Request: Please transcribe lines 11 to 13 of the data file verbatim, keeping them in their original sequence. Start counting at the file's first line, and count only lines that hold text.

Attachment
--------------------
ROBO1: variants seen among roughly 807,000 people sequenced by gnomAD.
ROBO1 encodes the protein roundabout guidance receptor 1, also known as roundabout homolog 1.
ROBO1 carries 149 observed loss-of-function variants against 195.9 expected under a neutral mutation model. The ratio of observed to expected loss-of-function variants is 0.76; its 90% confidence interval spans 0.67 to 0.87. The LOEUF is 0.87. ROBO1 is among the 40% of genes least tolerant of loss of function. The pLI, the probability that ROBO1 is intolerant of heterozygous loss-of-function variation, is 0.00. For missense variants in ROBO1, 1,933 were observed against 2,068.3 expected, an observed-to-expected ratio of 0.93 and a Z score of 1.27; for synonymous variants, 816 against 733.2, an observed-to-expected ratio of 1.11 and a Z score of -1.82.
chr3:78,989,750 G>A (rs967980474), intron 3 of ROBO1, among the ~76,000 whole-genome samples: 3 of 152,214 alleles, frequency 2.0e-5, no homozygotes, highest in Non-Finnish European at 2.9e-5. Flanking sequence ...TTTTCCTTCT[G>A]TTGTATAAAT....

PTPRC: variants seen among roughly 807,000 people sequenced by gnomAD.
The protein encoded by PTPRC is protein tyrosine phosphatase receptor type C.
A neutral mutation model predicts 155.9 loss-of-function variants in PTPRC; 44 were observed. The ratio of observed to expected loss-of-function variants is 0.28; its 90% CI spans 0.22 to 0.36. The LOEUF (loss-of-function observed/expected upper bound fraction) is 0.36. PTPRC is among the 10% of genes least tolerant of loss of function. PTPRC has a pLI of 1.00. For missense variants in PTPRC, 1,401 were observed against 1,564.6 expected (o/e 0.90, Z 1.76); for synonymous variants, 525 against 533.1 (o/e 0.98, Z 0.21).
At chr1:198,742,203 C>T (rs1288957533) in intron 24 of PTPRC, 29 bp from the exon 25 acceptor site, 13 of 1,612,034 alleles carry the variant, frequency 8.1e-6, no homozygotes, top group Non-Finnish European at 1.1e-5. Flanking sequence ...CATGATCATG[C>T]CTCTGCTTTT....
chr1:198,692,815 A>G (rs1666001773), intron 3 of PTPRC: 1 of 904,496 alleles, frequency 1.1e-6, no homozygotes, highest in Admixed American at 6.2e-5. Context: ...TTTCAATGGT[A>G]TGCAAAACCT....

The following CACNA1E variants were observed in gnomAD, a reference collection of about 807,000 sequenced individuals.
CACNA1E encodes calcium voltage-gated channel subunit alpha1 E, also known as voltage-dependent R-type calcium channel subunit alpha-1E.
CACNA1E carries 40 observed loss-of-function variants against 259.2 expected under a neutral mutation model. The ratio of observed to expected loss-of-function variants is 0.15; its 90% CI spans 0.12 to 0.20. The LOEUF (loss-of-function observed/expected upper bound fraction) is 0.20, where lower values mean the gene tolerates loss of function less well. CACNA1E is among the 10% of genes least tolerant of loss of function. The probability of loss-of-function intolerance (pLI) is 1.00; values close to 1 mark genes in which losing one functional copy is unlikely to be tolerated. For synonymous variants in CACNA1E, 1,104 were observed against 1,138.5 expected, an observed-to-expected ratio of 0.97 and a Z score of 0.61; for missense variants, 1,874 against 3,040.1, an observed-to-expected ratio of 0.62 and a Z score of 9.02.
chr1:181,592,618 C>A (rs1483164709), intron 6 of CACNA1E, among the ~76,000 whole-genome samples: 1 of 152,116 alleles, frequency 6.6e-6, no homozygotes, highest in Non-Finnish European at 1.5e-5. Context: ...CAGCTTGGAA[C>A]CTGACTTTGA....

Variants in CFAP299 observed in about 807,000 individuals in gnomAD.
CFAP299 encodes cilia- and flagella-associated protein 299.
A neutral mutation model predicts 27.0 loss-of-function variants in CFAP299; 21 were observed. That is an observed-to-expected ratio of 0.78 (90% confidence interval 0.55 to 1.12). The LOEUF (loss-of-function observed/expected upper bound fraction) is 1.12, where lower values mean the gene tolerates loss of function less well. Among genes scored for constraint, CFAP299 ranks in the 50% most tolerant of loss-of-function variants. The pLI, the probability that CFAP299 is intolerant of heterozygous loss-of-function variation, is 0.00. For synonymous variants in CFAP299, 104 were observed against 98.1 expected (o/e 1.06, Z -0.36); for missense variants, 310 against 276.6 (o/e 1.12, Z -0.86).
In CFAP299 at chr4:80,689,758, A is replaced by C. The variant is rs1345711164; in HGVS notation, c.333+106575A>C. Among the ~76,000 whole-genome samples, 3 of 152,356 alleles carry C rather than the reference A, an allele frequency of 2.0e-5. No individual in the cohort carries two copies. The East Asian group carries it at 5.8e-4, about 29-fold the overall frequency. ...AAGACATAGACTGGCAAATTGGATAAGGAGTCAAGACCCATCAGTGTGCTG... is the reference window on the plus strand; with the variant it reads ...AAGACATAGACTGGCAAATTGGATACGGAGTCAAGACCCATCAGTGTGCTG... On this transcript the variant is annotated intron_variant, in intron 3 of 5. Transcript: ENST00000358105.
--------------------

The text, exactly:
CACNA1E encodes calcium voltage-gated channel subunit alpha1 E, also known as voltage-dependent R-type calcium channel subunit alpha-1E.
CACNA1E carries 40 observed loss-of-function variants against 259.2 expected under a neutral mutation model. The ratio of observed to expected loss-of-function variants is 0.15; its 90% CI spans 0.12 to 0.20. The LOEUF (loss-of-function observed/expected upper bound fraction) is 0.20, where lower values mean the gene tolerates loss of function less well. CACNA1E is among the 10% of genes least tolerant of loss of function. The probability of loss-of-function intolerance (pLI) is 1.00; values close to 1 mark genes in which losing one functional copy is unlikely to be tolerated. For synonymous variants in CACNA1E, 1,104 were observed against 1,138.5 expected, an observed-to-expected ratio of 0.97 and a Z score of 0.61; for missense variants, 1,874 against 3,040.1, an observed-to-expected ratio of 0.62 and a Z score of 9.02.
chr1:181,592,618 C>A (rs1483164709), intron 6 of CACNA1E, among the ~76,000 whole-genome samples: 1 of 152,116 alleles, frequency 6.6e-6, no homozygotes, highest in Non-Finnish European at 1.5e-5. Context: ...CAGCTTGGAA[C>A]CTGACTTTGA....